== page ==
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Why the Twixtmas slowness is my favourite time of the year

The enforced pause between Christmas and New Year allows Rebecca Schiller to give up the mental load and just do nothing

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By Rebecca Schiller on

As you read this, I’ll be doing something unusual. Something that normally fills me with a mixture of longing and discomfort. A thing I struggle to do because it is so far outside my normal routine of rushing, bustling, juggling, squeezing things in. I’ll be doing nothing.

Despite loving 25 December, my favourite time of year is that strange pause between Christmas and New Year: Twixtmas. The sun itself seems to struggle to get very far above the horizon during this lazy week. Days are elf-short and the light is low and there seems little point in committing to an outside chore or day trip.

Many of our usual destinations are closed anyway. Local shops, attractions and small businesses shut their doors. So even those of us who are prone to overstocking our lives find it blessedly hard to get things done.

Heavy with turkey and chocolate, my get-up-and-go gets lost among the recycled wrapping paper. For these few days, I am given permission – by myself and the world – to move, think and react more slowly. There’s no school-run stress and the kids wear their gravy-stained pyjamas for days. The normal multitude of opportunities to forget a school trip/costume/project/permission slip/cake sale simply don’t exist. My motherhood emotional burden, the carrying of a mental Rolodex containing everything, from dentist appointments to which school friend is flavour of the month, is temporarily unloaded.

Women, especially mothers, expect and are expected to be busy all the time – it’s emotional labour and it’s so ingrained in society it’s hard to escape. I am lucky enough to have a partner who tries hard to share things equally, but it’s me, not my husband, who has been conditioned to pick up the emotional, physical and practical burdens when they are set at my feet. Wider family, friends, the school and society still expect me, and not my partner, to arrange playdates and birthday parties, to do the food shopping and keep track of family birthdays – and do it all with grace.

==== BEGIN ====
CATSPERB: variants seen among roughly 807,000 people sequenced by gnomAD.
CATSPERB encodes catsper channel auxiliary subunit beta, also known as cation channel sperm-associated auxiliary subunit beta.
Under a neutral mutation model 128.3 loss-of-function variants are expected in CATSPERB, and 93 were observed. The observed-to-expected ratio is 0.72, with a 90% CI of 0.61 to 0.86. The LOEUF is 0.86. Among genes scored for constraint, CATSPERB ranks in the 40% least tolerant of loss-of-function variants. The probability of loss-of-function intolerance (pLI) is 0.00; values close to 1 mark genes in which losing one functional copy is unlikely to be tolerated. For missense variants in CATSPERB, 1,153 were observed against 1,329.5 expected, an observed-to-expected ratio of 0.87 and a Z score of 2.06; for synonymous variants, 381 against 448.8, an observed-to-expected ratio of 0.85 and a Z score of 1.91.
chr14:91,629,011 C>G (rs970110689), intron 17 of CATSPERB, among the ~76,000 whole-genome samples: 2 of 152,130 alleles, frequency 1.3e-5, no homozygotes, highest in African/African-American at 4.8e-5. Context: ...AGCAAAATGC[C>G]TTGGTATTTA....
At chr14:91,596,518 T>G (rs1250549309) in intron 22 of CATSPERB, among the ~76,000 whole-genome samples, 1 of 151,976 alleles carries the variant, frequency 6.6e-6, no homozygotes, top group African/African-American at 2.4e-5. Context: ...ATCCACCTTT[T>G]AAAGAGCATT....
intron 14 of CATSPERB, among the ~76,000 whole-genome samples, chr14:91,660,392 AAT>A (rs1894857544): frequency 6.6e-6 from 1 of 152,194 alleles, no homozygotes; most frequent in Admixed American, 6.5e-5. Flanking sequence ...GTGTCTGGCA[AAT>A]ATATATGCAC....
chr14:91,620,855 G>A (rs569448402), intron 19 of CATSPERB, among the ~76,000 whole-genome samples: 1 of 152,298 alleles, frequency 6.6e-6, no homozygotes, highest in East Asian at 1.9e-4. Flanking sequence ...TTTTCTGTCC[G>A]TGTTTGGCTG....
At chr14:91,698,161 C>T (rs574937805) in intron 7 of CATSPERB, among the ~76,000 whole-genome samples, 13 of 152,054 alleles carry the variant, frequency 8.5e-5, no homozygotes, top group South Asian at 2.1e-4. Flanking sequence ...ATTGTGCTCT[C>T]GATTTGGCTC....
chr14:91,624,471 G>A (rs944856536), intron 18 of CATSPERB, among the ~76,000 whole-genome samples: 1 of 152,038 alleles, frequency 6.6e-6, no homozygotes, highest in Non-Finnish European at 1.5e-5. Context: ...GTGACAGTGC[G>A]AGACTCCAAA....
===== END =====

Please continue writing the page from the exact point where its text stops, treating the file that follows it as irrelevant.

There’s no one to respond to my emails. Even Instagram feels deserted

It is me, not him, who has grown up in a world that still believes a woman’s job is in the home, while telling me I must succeed in my career and relationships, and be financially independent and spiritually enlightened. Throughout the year, the pressure piles on and it is hard to resist it, take stock, recognise the overwhelm and put some of it down.

But, thankfully, Twixtmas has come, bringing with it an absence, rather than the usual overstuffedness of my life. Even if I want to busy myself with career ideas, I quickly give up – everyone else is watching Christmas specials and eating turkey curry. There’s no one to respond to my emails. Even Instagram feels deserted.

This enforced pause that I’m fortunate enough to have access to once a year reminds me of the value of something it’s easy to ignore, but might be at the root of contentment. Something I’ve only had the opportunity to learn in my work supporting pregnant and birthing women as a doula: the importance of just being – rather than doing. Being there for someone in labour, holding space for them and resisting the urge to talk, arrange things or massage them is a learned skill. And it’s hard to do. But when I can manage it, I feel a huge sense of peace. It’s noticed and valued by the women and families I work with. The still solidness of being present in a moment, aware of yourself and noticing those around you is comforting to both giver and the receiver.

In my usual life, outside the birth room, I still struggle to accept that it’s OK for me to just be. As a woman, as a mother, and feeling all the pressure that can come with those roles, I’m propelled towards constant motion and action. But, thanks to Twixtmas, I know I will emerge on 2 January finding myself ever so slightly reset, with a clearer head that’s kinder to, and more appreciative of, myself.

But, in these dimly lit late December days, I can simply give myself up to the now. I can breathe in the year that has passed and look forward to the 12 months ahead – completely, joyously unable to do anything about it.


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